This Week in Albany

Week ending June 23, 2017

State Contract

CSEA has reached a tentative five-year agreement with New York state.

See full details of the agreement on CSEA’s website. You will need your CSEA Member ID number to access this page.

In the coming weeks, our state negotiating team will be meeting with members around the state.

Visit to get dates, times and locations of meetings in your region. Keep checking here for meeting information – the page will be updated as more meetings are set.

End of Session

After a long year, the regularly scheduled 2017 legislative session came to an end this week. The legislature could not reach an agreement on some issues and will need to return to Albany later this summer or fall.

Of specific concern to CSEA members is the failure of the legislature to extend city and county sales tax and other tax authority. The Assembly passed an omnibus bill to extend these taxes along with mayoral control of New York City schools, while the Senate passed the tax bills individually but sought some expansion of charter schools in exchange for extending mayoral control.

While ensuring the continuation of these taxes is vitally important to CSEA members, there is plenty of time for the legislature to extend these taxes. County sales tax bills do not expire until the end of November, and many of the additional taxes have similarly late expiration dates. CSEA will continue to monitor the status of these taxes to ensure that counties and other municipalities do not lose the revenues needed to provide services.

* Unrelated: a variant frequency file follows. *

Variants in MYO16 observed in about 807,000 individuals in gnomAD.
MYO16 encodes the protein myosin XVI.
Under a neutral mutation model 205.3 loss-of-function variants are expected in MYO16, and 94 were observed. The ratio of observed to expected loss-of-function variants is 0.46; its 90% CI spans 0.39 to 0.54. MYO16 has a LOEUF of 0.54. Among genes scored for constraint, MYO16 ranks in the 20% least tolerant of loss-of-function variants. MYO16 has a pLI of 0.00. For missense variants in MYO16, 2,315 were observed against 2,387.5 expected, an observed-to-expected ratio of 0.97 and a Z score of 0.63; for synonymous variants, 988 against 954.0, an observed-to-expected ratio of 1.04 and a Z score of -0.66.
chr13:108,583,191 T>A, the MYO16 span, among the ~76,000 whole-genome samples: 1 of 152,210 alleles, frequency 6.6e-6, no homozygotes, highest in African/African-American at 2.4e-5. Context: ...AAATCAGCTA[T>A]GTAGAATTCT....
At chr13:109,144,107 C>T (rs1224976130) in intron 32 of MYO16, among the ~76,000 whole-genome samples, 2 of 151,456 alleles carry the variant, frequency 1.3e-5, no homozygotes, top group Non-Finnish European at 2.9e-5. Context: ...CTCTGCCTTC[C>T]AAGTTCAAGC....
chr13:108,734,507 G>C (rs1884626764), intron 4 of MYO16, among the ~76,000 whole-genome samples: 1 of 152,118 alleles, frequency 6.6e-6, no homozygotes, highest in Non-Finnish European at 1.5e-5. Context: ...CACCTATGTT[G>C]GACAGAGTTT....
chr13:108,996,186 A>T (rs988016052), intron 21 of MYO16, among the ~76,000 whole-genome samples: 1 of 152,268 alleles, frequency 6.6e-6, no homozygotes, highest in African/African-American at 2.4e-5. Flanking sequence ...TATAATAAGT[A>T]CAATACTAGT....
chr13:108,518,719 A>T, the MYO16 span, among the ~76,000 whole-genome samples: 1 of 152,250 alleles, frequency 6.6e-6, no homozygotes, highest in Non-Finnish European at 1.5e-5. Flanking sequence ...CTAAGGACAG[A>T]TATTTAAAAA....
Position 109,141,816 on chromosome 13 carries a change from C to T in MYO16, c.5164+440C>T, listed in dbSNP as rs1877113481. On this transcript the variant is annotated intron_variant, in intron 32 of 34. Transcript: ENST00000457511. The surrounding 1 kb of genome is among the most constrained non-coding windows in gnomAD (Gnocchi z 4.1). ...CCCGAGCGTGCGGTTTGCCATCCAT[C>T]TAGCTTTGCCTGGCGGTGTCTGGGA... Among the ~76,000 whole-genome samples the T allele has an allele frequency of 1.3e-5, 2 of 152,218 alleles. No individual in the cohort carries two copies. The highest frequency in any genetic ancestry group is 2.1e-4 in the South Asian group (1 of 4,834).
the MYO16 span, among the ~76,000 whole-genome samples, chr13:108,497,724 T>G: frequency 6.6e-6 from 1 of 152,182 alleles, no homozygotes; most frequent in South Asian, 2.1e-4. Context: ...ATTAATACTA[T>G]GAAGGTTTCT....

At this point, it is unclear when the legislature will return to finish its business for the year. The two houses did not seem especially close to reaching an agreement on outstanding issues when they left Albany, but will continue to talk.

On the other hand, many of CSEA’s legislative priorities were passed by both houses of the legislature. Important legislation relating to CSEA’s tentative contract agreement with the State, state agency operations, and local concerns was passed. The following CSEA-priority bills passed both houses:

A.8540 – Abbate / S.6818 – Amedore

This bill is authorizing legislation for CSEA’s tentative contract agreement with the State. The contract must still be approved by the CSEA membership.

S.4630 – Gallivan / A.6505 – Kearns

This legislation would stop the relocation of Western New York Children’s Psychiatric Center.

S.4324 – Tedisco / A. 5210 – Abinanti

This legislation would require local governments to give retirees 45 days notice prior to changing health insurance benefits for retirees. Current law does not require any notice be given.

S.2836 – Ortt / A.2229 – Gunther

This legislation would require that notices of closure of Office of Mental Health (OMH) facilities expire after one year and one month of being issued. Currently, the state can issue a one year notice of closure or downsizing and not close a facility during that year. The notice of closure then stays in effect in perpetuity, creating uncertainty for employees and patients.

S.5681 – Ortt / A.7399A – Gunther

This legislation would codify care pilots within the Office for People with Developmental Disabilities (OPWDD). These programs offer community based care staffed by state employees. Codifying these programs will lead to more predictable funding and will expand available services to families in need.

S.3146 – Golden / A.4049 Lupardo

This legislation would cap the number of cases that child protective services workers can have at any one time to 15 cases per month.

S.5929A – Avella / A.7726A – Jaffee

This legislation would establish a Child Care Availability Taskforce to evaluate the cost, accessibility, availability, quality, and impact of childcare subsidies.

S.4574A – Marchione / A.6903A – Brindisi

This legislation would require an annual study from the Office of Children and Family Services (OCFS) to report on the ratio of non-administrative staff to residents at OCFS facilities, the total number of workers who are on workers’ compensation leave, and the number of staff involved in any incident involving the alleged misconduct of a resident.